Of course, one Saturday afternoon while prowling the shelves what did I find but Pendergrast’s book. Not only was I drawn to the book because of its subject matter (for years I’ve enjoyed reading about diseases and epidemics, ever since a former client of mine recommended Berton Roueche’s 11 Blue Men) but I also found it hard to resist its slightly exaggerated comic book-style cover art. So, even with a sizable stack of library books under my arm I added it to my pile and headed to the automated check-out machine.

I found Inside the Outbreaks to be pretty good, but nothing fancy. It chronicles the 60 year history of the Epidemic Intelligence Service, which could be described as the field branch of the CDC. The book is a series of vignettes starting with the creation of the Service and its first official mission (the investigation of a strange new disease that was sickening soldiers during the Korean War) and ending with the anthrax scares following 9/11. The storytelling isn’t stellar, but thankfully it is direct and to the point. Neither is it boring. While certainly not flashy, Inside the Outbreaks feels well researched.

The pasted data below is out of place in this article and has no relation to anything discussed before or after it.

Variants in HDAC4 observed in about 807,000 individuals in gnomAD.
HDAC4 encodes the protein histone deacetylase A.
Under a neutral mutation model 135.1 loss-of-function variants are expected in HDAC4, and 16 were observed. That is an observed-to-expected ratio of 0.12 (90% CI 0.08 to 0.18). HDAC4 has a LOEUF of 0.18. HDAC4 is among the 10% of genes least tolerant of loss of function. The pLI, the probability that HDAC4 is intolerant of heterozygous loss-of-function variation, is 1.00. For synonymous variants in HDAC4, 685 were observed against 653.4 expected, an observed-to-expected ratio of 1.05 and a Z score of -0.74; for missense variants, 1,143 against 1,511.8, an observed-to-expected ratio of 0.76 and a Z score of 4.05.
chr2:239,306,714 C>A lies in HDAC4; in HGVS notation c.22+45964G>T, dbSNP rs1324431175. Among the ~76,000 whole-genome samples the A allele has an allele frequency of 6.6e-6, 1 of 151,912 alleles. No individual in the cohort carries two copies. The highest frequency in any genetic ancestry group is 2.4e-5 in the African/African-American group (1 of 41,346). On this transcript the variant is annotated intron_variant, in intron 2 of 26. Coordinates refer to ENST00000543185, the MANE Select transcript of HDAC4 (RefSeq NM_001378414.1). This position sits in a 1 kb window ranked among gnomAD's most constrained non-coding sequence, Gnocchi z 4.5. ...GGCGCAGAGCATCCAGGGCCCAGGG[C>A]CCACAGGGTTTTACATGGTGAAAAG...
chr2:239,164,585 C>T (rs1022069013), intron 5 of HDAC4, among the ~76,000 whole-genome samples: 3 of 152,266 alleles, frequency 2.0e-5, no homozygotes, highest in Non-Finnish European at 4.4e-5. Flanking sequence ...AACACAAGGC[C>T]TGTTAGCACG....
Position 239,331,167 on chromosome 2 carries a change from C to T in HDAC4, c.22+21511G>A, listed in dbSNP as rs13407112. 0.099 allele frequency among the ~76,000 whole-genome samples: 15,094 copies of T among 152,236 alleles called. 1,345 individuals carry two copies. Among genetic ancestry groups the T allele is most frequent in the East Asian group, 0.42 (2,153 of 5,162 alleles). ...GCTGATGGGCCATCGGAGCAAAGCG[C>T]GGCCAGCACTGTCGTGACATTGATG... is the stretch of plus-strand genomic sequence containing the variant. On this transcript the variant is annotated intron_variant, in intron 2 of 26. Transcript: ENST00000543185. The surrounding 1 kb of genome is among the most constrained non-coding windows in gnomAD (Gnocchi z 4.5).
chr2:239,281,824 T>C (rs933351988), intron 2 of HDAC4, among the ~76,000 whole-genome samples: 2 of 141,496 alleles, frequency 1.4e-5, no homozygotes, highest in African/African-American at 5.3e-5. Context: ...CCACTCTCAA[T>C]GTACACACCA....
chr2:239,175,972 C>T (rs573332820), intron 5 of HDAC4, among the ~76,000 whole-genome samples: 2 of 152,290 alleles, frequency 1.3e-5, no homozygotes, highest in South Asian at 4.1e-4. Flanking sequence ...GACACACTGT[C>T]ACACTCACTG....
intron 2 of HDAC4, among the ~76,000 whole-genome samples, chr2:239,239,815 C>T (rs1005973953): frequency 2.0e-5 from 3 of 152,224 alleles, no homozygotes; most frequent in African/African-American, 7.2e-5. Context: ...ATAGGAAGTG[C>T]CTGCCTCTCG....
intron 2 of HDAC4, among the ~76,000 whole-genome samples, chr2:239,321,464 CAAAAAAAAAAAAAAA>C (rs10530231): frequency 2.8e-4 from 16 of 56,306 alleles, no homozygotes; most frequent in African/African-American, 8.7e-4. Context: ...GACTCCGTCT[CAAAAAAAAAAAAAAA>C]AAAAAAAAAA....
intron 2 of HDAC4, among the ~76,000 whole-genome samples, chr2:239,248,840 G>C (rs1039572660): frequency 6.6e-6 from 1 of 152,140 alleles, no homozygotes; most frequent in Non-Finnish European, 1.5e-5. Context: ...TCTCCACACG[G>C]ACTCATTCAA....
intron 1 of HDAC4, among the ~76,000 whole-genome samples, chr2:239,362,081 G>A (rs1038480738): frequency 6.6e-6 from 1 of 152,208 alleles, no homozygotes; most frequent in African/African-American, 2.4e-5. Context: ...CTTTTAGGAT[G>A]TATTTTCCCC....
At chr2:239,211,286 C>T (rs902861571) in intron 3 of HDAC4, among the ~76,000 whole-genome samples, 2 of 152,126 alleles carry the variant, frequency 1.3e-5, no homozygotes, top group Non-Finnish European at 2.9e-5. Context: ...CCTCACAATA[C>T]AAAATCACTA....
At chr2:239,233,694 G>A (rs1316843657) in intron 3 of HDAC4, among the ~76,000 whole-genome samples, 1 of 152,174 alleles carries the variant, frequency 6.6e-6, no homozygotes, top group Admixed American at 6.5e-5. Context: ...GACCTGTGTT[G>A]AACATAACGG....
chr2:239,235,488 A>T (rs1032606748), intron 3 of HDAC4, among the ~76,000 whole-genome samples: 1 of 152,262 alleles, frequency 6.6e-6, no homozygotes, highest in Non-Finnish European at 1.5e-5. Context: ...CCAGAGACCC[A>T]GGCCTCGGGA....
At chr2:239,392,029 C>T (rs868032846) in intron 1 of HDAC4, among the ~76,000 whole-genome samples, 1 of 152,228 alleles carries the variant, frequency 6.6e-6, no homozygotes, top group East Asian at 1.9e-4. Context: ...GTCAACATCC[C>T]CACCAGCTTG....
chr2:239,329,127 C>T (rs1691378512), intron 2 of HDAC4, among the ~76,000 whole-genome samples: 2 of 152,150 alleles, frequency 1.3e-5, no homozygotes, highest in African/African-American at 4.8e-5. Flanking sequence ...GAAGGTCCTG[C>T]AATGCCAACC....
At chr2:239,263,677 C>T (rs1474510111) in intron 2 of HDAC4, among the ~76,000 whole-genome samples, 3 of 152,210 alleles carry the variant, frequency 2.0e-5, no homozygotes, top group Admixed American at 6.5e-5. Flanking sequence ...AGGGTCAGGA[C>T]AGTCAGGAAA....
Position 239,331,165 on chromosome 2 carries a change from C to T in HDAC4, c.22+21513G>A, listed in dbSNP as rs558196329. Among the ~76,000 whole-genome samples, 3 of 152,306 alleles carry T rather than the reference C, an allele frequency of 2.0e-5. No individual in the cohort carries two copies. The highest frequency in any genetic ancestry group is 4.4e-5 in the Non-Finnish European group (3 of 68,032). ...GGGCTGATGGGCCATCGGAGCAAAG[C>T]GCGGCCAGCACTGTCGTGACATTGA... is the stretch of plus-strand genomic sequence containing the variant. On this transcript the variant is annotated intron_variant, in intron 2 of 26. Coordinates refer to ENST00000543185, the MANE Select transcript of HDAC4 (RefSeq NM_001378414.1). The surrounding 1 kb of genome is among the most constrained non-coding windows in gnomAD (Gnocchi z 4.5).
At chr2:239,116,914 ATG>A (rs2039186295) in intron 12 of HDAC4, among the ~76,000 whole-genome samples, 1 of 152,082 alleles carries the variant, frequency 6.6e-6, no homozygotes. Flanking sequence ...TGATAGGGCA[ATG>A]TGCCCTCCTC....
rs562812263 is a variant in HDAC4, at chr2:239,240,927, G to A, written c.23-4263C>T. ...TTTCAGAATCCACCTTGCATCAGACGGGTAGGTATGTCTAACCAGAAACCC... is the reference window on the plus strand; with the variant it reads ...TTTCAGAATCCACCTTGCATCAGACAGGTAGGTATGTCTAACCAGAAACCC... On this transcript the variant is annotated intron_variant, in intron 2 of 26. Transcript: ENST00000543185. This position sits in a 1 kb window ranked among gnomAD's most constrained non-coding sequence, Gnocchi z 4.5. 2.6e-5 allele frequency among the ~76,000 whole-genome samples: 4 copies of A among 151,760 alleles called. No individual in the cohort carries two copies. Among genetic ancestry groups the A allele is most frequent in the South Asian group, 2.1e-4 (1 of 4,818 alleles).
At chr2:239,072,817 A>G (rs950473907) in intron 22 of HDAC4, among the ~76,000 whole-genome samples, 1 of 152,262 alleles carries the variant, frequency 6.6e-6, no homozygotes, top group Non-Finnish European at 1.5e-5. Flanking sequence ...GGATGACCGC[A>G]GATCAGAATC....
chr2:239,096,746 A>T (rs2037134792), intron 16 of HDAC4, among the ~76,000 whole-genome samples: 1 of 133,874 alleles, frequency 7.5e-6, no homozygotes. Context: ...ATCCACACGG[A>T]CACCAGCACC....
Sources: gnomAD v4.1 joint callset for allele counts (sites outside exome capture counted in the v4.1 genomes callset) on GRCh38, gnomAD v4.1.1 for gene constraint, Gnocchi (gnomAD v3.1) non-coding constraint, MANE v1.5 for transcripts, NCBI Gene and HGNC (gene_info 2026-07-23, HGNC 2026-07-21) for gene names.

While I enjoyed reading about the EIS’s adventures in combating diseases like polio, smallpox, Ebola, cholera and Legionnaires’ disease, I could not help but feel a bit nostalgic upon reading Pendergrast’s account of a few outbreaks that occurred in my own back yard. Growing up in Oregon, I remember when sewage contaminated drinking water at Crater Lake National Park, the Rajneeshees poisoned salad bars and E-coli sickened fast food diners in Southern Oregon.

Down the road I’d like to read other books like this one. Berton Roueche’s 1981 classic The Medical Detectives should be at the top of my list along with McCormick and Fisher-Hoch’s  Level 4: Virus Hunters of the CDC and Nagami’s Maneater: And Other True Stories of a Life in Infectious Disease.

Fiction from the Horn of Africa: Passage of Tears by Abdourahman A. Waberi

It’s rare when one gets the opportunity to read a novel that’s set in the small east African nation of Djibouti. It’s rarer still when the author of said novel is actually from that particular country. Needless to say, when I came across a copy of Abdourahman Waberi’s recent novel Passage of Tears while rummaging through the assorted offerings on the International Authors shelf at my public library I didn’t hesitate to grab it. After letting it sit on my desk ignored and unread for about a week one lazy summer afternoon I grabbed it and a few other books and headed to the park. As my ears were assaulted by the shrieks of ill-behaved children, I buried myself in Waberi’s novel. After finishing it after only a few days I was happy I took a chance on Passage of Tears. While it didn’t rock my world, Waberi’s storytelling and the novel’s unusual setting kept me intrigued and more than a little bit entertained.